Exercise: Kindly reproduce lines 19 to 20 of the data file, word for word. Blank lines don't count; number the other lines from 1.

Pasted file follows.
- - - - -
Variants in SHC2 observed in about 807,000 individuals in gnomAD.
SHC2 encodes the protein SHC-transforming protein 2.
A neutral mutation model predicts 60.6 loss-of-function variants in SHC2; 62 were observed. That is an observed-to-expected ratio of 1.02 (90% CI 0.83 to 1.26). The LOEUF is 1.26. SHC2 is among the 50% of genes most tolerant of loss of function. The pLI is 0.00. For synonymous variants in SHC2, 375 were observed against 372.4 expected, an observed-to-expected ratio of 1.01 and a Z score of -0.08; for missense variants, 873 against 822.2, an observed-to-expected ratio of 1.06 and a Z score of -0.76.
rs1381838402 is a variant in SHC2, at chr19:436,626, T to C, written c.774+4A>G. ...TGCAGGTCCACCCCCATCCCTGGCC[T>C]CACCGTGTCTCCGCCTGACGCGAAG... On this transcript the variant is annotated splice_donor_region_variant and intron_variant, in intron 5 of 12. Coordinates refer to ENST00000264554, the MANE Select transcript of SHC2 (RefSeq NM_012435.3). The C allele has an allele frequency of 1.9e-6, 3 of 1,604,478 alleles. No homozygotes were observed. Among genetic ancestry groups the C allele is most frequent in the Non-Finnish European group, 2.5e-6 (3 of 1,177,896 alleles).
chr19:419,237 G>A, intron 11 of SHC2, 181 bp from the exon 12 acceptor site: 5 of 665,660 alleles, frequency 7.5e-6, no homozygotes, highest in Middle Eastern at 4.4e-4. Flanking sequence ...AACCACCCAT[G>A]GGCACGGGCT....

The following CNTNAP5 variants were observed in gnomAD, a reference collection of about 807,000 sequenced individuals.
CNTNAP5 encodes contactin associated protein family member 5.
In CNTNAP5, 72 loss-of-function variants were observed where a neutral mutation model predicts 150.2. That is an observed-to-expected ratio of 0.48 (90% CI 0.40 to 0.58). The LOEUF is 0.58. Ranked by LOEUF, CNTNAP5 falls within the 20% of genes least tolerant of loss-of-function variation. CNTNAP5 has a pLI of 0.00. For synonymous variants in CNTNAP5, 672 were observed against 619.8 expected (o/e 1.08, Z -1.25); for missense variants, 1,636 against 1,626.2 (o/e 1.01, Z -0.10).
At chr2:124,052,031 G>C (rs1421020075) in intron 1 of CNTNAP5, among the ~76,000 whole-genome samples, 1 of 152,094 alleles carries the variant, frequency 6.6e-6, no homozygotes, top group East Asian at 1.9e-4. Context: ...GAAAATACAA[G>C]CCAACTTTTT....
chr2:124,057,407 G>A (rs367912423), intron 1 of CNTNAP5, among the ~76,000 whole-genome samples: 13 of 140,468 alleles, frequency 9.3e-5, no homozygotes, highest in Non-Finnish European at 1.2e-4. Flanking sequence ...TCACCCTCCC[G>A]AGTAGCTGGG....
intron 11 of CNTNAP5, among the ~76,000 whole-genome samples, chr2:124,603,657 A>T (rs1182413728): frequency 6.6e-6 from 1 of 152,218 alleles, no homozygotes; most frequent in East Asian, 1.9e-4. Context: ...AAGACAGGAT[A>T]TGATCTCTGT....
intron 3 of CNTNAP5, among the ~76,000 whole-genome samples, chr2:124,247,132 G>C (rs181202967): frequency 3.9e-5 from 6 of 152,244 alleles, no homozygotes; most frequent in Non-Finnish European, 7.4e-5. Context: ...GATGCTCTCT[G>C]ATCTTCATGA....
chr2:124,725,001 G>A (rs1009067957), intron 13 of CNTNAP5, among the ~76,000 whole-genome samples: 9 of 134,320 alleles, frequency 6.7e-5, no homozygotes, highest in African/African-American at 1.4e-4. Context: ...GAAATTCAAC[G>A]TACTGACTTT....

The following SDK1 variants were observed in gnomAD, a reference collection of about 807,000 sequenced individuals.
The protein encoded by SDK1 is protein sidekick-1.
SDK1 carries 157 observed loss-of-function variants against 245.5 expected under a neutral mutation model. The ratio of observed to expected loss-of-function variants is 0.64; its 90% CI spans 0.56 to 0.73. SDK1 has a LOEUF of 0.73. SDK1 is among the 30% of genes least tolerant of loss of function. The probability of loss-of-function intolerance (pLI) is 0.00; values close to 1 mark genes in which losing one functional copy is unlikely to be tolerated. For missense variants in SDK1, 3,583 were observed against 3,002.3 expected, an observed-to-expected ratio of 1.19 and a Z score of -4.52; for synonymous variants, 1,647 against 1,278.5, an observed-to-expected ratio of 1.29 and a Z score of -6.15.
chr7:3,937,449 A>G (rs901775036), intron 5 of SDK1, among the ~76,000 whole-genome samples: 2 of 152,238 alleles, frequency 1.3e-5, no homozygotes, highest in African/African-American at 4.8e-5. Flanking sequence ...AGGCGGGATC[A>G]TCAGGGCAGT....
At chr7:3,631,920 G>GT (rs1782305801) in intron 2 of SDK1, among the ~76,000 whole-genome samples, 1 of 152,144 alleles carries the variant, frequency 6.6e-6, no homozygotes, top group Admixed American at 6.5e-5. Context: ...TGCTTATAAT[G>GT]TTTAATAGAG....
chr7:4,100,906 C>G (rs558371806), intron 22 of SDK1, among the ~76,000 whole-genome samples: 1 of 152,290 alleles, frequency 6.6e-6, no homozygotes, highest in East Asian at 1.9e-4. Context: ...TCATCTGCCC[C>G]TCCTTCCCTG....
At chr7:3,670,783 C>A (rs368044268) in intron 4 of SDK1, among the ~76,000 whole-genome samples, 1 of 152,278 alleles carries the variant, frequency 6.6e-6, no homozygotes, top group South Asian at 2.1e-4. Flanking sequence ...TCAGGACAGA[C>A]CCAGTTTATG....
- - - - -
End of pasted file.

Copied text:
chr7:4,100,906 C>G (rs558371806), intron 22 of SDK1, among the ~76,000 whole-genome samples: 1 of 152,290 alleles, frequency 6.6e-6, no homozygotes, highest in East Asian at 1.9e-4. Context: ...TCATCTGCCC[C>G]TCCTTCCCTG....
At chr7:3,670,783 C>A (rs368044268) in intron 4 of SDK1, among the ~76,000 whole-genome samples, 1 of 152,278 alleles carries the variant, frequency 6.6e-6, no homozygotes, top group South Asian at 2.1e-4. Flanking sequence ...TCAGGACAGA[C>A]CCAGTTTATG....